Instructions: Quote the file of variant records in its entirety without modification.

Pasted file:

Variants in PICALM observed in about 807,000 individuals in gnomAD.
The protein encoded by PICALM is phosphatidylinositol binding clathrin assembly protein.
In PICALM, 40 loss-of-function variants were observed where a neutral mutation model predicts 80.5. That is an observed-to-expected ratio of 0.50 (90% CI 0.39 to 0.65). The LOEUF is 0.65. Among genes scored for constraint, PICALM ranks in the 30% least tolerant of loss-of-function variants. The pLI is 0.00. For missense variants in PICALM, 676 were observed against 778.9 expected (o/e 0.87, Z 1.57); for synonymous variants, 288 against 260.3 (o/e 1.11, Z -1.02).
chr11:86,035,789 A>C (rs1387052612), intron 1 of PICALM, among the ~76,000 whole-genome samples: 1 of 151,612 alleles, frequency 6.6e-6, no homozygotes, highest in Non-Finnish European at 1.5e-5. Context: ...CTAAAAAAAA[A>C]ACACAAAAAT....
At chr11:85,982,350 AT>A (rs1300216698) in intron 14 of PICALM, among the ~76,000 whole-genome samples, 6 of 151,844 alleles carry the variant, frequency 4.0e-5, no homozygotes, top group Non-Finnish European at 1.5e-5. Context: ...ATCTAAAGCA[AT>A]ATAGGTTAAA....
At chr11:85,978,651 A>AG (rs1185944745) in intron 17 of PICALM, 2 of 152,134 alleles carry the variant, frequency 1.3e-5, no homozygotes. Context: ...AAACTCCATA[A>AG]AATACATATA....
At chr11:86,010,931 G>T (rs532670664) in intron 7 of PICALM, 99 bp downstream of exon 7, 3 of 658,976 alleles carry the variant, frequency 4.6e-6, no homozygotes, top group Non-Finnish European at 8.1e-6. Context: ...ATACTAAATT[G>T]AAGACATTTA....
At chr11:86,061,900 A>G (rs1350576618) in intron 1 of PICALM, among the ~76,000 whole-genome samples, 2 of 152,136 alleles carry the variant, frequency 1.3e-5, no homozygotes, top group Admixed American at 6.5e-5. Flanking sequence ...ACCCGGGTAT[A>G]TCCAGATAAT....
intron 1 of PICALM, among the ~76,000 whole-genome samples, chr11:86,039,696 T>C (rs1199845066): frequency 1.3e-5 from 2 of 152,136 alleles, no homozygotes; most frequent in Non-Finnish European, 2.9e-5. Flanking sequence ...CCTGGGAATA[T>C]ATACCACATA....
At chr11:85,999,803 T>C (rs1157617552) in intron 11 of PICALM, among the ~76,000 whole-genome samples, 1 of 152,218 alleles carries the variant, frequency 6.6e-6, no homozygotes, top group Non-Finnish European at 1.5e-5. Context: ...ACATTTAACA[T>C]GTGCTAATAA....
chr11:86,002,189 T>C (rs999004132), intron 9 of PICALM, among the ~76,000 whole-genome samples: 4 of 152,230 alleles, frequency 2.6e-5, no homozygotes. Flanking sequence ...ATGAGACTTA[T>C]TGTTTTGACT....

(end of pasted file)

Variants in PICALM observed in about 807,000 individuals in gnomAD.
The protein encoded by PICALM is phosphatidylinositol binding clathrin assembly protein.
In PICALM, 40 loss-of-function variants were observed where a neutral mutation model predicts 80.5. That is an observed-to-expected ratio of 0.50 (90% CI 0.39 to 0.65). The LOEUF is 0.65. Among genes scored for constraint, PICALM ranks in the 30% least tolerant of loss-of-function variants. The pLI is 0.00. For missense variants in PICALM, 676 were observed against 778.9 expected (o/e 0.87, Z 1.57); for synonymous variants, 288 against 260.3 (o/e 1.11, Z -1.02).
chr11:86,035,789 A>C (rs1387052612), intron 1 of PICALM, among the ~76,000 whole-genome samples: 1 of 151,612 alleles, frequency 6.6e-6, no homozygotes, highest in Non-Finnish European at 1.5e-5. Context: ...CTAAAAAAAA[A>C]ACACAAAAAT....
At chr11:85,982,350 AT>A (rs1300216698) in intron 14 of PICALM, among the ~76,000 whole-genome samples, 6 of 151,844 alleles carry the variant, frequency 4.0e-5, no homozygotes, top group Non-Finnish European at 1.5e-5. Context: ...ATCTAAAGCA[AT>A]ATAGGTTAAA....
At chr11:85,978,651 A>AG (rs1185944745) in intron 17 of PICALM, 2 of 152,134 alleles carry the variant, frequency 1.3e-5, no homozygotes. Context: ...AAACTCCATA[A>AG]AATACATATA....
At chr11:86,010,931 G>T (rs532670664) in intron 7 of PICALM, 99 bp downstream of exon 7, 3 of 658,976 alleles carry the variant, frequency 4.6e-6, no homozygotes, top group Non-Finnish European at 8.1e-6. Context: ...ATACTAAATT[G>T]AAGACATTTA....
At chr11:86,061,900 A>G (rs1350576618) in intron 1 of PICALM, among the ~76,000 whole-genome samples, 2 of 152,136 alleles carry the variant, frequency 1.3e-5, no homozygotes, top group Admixed American at 6.5e-5. Flanking sequence ...ACCCGGGTAT[A>G]TCCAGATAAT....
intron 1 of PICALM, among the ~76,000 whole-genome samples, chr11:86,039,696 T>C (rs1199845066): frequency 1.3e-5 from 2 of 152,136 alleles, no homozygotes; most frequent in Non-Finnish European, 2.9e-5. Flanking sequence ...CCTGGGAATA[T>C]ATACCACATA....
At chr11:85,999,803 T>C (rs1157617552) in intron 11 of PICALM, among the ~76,000 whole-genome samples, 1 of 152,218 alleles carries the variant, frequency 6.6e-6, no homozygotes, top group Non-Finnish European at 1.5e-5. Context: ...ACATTTAACA[T>C]GTGCTAATAA....
chr11:86,002,189 T>C (rs999004132), intron 9 of PICALM, among the ~76,000 whole-genome samples: 4 of 152,230 alleles, frequency 2.6e-5, no homozygotes. Flanking sequence ...ATGAGACTTA[T>C]TGTTTTGACT....